The HPF was designed as a system that resists tear-off, and that can withstand working pressures up to 500 bar for pipe diameters of 25 to 150mm and wall thicknesses up to 20mm. It is also designed for flange hole patterns in accordance with ISO 6162-1 (SAE J518, Code 61), ISO 6162-2 (SAE J518, Code 62) and ISO 6164.

The HPF design is based on templates from the natural world. The flanging on the pipe recalls the base of a branch where it meets the trunk of a tree: a hydraulic axial press is used to create the flared base of the pipe. The formed area of the pipe creates a parabola that runs from 10° to 37°. The flat start of the formed area creates additional protection against severe system vibrations.

The Parflange F37 system has a similar enlarged area in the pipe. After an F37-flange is pulled onto a seamless pipe, the pipe end to be connected is expanded using a specialised orbital flanging process that compresses the surface of the pipe end through roller-knurling. This gives the end of the pipe a funnel-like shape with an angle of 37°, which explains its name.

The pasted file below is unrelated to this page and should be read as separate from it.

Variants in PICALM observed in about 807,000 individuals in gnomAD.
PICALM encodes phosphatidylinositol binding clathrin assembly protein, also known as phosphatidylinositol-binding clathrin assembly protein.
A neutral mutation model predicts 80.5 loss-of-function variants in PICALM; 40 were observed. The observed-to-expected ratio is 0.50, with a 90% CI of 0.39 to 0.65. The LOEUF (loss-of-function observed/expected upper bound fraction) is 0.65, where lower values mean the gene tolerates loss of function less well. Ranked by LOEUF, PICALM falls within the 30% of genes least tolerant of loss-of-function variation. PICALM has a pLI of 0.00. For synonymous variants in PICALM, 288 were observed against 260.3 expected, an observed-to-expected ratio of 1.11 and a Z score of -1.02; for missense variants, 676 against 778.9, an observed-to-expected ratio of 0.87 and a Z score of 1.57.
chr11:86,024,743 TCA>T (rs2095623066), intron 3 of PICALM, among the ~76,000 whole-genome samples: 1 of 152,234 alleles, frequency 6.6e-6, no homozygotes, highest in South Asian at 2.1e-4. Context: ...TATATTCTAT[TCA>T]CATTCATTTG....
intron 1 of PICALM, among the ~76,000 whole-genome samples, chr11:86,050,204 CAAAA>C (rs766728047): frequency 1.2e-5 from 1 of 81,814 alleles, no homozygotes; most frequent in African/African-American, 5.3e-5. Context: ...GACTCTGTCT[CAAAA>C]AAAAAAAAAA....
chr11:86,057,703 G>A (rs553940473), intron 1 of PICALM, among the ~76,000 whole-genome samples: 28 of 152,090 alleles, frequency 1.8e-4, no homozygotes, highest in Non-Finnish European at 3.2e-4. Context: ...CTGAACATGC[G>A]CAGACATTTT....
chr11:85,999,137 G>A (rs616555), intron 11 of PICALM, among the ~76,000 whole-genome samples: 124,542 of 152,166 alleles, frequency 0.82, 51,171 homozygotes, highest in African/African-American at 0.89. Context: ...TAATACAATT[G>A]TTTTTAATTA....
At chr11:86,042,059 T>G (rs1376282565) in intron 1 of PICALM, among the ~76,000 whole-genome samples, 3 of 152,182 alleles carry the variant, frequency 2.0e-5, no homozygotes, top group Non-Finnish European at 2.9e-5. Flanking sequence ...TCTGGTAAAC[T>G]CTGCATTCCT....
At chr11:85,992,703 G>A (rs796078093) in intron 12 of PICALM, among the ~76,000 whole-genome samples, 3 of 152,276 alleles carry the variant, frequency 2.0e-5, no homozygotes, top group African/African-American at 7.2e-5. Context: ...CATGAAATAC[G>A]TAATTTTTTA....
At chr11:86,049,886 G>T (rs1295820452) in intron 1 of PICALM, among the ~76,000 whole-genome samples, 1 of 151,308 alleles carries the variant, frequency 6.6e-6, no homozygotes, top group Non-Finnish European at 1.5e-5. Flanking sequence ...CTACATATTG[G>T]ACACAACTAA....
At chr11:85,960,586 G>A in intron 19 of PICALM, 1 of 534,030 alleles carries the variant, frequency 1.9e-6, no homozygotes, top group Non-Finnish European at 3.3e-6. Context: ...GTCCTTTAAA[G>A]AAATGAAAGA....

A steel or stainless-steel insert is then placed in the expanded end of the pipe with a geometry that matches the funnel-shaped end of the pipe itself. This insert has an O-ring on the funnel-shaped side that seals against the wall of the pipe. There is also a groove on the front of the insert, into which an F37 seal profile seal made of a material like polyurethane is placed. Alternatively, the insert can be designed with a flat front or a steel or stainless-steel compound gasket with an NBR or FKM elastomer sealing lip. There is a special insert shape for pipe-to-pipe connections that has funnel-shaped contours with O-ring seals on both sides.

The Parflange F37 system is licensed for pressure levels up to 420 bar. It can be used to connect pipes with an exterior diameter of 16 to 273 mm (1/2in to 10in flange size).

Ramiz Selimbasic is with Parker Hannifin HPCE